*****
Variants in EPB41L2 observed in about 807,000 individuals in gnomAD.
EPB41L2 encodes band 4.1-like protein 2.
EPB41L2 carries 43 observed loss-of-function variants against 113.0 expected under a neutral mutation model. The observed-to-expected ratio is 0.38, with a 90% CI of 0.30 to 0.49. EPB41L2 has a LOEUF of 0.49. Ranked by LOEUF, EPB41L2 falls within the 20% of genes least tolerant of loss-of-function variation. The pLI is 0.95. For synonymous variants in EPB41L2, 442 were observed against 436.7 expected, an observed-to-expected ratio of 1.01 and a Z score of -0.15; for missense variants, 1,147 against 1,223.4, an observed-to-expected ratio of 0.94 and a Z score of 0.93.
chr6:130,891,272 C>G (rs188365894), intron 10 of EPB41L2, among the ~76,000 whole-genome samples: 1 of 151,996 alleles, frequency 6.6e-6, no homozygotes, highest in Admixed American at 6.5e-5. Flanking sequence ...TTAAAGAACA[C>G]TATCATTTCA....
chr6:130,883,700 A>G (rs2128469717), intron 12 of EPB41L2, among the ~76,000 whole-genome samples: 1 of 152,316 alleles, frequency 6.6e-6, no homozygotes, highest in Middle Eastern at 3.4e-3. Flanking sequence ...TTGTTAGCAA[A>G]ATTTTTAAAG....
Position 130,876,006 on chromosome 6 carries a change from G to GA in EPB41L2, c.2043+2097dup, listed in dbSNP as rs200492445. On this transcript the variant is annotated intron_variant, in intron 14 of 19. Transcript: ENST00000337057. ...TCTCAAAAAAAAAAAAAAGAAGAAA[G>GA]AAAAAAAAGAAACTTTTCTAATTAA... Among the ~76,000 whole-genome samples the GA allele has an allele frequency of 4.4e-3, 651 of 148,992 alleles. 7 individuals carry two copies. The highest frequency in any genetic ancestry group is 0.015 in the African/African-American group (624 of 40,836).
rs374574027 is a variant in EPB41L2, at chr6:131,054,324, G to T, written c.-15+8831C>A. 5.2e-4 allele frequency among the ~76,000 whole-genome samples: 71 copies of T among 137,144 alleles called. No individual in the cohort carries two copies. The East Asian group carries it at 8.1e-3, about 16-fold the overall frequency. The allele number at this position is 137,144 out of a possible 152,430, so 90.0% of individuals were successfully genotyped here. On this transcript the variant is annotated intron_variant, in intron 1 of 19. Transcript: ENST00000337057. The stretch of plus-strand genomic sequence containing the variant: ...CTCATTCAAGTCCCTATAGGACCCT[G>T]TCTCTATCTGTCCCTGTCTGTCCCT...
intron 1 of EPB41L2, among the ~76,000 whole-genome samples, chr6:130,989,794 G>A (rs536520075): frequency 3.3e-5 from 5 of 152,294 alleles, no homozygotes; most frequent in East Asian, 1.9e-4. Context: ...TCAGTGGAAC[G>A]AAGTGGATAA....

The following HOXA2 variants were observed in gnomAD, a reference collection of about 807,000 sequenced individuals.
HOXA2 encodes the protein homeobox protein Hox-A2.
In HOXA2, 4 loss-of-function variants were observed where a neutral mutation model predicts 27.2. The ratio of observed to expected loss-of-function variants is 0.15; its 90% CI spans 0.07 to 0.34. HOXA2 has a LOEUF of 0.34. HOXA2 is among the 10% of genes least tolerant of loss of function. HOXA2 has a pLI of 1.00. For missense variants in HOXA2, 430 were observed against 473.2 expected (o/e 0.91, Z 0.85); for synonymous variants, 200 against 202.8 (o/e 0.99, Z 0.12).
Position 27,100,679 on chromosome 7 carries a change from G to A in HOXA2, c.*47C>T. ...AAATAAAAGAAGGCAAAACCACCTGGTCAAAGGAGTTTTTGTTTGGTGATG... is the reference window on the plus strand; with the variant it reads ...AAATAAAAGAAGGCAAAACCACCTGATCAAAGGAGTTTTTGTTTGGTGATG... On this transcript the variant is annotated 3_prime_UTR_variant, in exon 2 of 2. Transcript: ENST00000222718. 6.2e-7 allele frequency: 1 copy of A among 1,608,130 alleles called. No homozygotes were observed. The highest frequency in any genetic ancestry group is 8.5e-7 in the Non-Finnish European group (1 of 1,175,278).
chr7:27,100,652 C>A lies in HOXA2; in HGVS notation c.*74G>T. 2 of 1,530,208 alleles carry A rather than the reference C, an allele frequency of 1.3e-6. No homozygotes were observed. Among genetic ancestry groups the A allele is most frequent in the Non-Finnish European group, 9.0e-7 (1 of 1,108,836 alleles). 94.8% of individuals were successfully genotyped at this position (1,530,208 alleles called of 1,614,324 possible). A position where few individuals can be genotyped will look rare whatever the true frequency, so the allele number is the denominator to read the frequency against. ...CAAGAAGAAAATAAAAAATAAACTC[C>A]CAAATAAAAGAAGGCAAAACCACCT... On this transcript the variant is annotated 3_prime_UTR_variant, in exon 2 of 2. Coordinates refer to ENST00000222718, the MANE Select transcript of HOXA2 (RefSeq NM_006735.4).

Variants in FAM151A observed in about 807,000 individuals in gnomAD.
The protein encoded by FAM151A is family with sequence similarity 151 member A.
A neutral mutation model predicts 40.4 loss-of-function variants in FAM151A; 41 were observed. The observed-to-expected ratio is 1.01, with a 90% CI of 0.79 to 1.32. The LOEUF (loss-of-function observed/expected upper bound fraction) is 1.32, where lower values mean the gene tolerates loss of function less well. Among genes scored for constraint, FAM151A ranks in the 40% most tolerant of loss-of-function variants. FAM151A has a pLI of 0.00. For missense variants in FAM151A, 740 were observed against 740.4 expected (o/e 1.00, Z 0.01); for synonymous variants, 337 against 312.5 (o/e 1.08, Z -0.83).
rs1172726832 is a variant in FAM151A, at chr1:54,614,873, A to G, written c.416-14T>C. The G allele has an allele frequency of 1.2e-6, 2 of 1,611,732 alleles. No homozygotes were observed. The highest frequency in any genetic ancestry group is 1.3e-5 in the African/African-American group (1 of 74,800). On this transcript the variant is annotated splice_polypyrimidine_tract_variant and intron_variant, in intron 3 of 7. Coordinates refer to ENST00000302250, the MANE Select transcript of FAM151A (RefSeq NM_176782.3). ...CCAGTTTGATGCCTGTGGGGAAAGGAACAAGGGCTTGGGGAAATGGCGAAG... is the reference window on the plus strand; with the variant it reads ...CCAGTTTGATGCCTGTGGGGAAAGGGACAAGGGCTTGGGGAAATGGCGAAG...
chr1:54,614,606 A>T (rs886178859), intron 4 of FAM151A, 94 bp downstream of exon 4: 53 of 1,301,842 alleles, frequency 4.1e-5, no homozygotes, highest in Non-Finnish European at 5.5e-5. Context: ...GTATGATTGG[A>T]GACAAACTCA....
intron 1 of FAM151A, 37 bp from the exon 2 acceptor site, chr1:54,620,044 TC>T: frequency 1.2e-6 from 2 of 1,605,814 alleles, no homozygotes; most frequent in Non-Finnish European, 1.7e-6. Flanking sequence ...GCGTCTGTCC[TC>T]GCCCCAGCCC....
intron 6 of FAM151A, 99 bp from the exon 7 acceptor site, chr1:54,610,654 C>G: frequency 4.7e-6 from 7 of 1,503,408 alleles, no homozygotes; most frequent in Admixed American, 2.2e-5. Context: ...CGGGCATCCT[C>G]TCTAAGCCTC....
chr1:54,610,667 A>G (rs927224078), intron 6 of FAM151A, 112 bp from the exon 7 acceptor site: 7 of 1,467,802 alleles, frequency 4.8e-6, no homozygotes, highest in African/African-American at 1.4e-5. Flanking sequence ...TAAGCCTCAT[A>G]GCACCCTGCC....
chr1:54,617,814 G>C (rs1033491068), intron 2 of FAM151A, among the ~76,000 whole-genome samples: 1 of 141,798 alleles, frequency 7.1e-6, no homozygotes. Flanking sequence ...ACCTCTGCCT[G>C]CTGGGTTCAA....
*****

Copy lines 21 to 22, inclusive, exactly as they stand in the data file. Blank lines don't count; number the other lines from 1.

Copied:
chr1:54,610,667 A>G (rs927224078), intron 6 of FAM151A, 112 bp from the exon 7 acceptor site: 7 of 1,467,802 alleles, frequency 4.8e-6, no homozygotes, highest in African/African-American at 1.4e-5. Flanking sequence ...TAAGCCTCAT[A>G]GCACCCTGCC....
chr1:54,617,814 G>C (rs1033491068), intron 2 of FAM151A, among the ~76,000 whole-genome samples: 1 of 141,798 alleles, frequency 7.1e-6, no homozygotes. Flanking sequence ...ACCTCTGCCT[G>C]CTGGGTTCAA....